Child poverty in Scotland fell by 10 percentage points in the 10 years to 2011-12 – about twice the fall in England – according to a new report from the Joseph Rowntree Foundation. Further reductions in child poverty, it says, hinge on tackling poverty among workless families, where poverty levels remain very high.
- In the ten years to 2011-12, the proportion of children in poverty in Scotland fell ten percentage points, both before and after housing costs – about twice the fall in England (six and three percentage points respectively).
- Much of the fall in child poverty in both Scotland and England is due to a fall in the high poverty rate among lone-parent families. This is likely to be due to a net improvement in employment rates compared with ten years ago, and policies – both UK-wide and Scotland-specific – that have sought to address poverty in this group.
- Much of Scotland's additional fall in child poverty is due to a drop in poverty among working-couple parents. This is partly due to this group's shift towards 'full' working (where both adults are in work, and at least one is in full-time work). This has not happened in England.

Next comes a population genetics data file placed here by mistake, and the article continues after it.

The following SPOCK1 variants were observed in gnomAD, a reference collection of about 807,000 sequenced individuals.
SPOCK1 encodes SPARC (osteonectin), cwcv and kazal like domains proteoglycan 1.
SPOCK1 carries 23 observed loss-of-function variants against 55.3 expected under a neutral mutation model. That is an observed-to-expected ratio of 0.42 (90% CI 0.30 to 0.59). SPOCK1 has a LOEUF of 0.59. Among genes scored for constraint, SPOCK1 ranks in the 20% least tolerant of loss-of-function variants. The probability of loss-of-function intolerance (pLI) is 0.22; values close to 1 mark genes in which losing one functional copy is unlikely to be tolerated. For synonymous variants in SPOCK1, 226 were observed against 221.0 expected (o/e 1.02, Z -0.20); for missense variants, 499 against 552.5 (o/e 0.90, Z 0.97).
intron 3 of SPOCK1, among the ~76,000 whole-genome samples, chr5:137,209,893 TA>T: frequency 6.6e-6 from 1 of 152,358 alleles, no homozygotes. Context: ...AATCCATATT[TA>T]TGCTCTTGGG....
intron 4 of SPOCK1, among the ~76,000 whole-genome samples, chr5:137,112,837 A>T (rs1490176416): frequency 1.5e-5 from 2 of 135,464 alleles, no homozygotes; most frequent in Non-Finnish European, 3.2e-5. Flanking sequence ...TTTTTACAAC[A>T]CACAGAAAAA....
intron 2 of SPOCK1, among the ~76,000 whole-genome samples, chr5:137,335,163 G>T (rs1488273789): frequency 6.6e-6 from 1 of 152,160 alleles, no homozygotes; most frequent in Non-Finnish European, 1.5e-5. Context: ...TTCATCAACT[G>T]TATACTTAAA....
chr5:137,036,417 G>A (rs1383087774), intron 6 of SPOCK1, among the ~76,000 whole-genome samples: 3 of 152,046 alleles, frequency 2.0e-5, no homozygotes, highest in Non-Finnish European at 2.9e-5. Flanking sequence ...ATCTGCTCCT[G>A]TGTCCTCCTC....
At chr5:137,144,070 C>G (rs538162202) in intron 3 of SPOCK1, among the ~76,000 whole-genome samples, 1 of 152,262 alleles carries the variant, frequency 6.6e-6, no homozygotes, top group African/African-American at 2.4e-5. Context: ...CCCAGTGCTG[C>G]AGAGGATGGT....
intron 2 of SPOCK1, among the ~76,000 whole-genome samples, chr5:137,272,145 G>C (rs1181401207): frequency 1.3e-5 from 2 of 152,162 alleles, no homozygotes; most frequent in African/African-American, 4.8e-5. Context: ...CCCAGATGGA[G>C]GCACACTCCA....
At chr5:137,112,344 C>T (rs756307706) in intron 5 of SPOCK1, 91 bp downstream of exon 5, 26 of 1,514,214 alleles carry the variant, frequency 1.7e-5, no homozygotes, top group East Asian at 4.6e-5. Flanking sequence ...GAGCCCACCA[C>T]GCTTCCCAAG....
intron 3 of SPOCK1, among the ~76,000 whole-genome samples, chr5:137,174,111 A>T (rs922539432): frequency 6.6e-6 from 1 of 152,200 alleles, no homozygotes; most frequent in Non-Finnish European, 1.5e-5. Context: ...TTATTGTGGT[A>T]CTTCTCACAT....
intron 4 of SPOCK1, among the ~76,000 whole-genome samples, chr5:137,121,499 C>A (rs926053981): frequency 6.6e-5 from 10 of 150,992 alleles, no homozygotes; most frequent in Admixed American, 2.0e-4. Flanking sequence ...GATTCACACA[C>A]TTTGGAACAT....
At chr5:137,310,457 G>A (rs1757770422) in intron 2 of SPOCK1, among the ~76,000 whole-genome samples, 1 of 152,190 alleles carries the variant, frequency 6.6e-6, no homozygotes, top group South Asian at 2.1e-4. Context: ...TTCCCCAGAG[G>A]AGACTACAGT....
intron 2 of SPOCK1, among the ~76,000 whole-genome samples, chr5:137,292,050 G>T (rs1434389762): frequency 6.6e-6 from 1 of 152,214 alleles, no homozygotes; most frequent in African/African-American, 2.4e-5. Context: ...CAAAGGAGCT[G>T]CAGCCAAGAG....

- Despite this success, poverty for children in workless families in Scotland remains high. Changes to benefits from 2012 are likely to have increased it further. The Scottish Government only has limited powers to intervene on reform of social security benefits. However, moves such as absorbing the cut to council tax benefit and replacing the abolished components of the Social Fund will have mitigated some of the impacts.
- Scotland's challenge is to find a route out of poverty for the many families that experience periods when work is not an option (for example, due to ill-health, caring responsibilities, disability or lack of skills). For this group, poverty levels remain high – at 54 per cent, compared with 10 per cent for children in working families.
Source: Hannah Aldridge and Peter Kenway, Referendum Briefing: Child Poverty in Scotland, Joseph Rowntree Foundation
Links: Briefing | JRF press release | CPAG press release | BBC report | Inside Housing report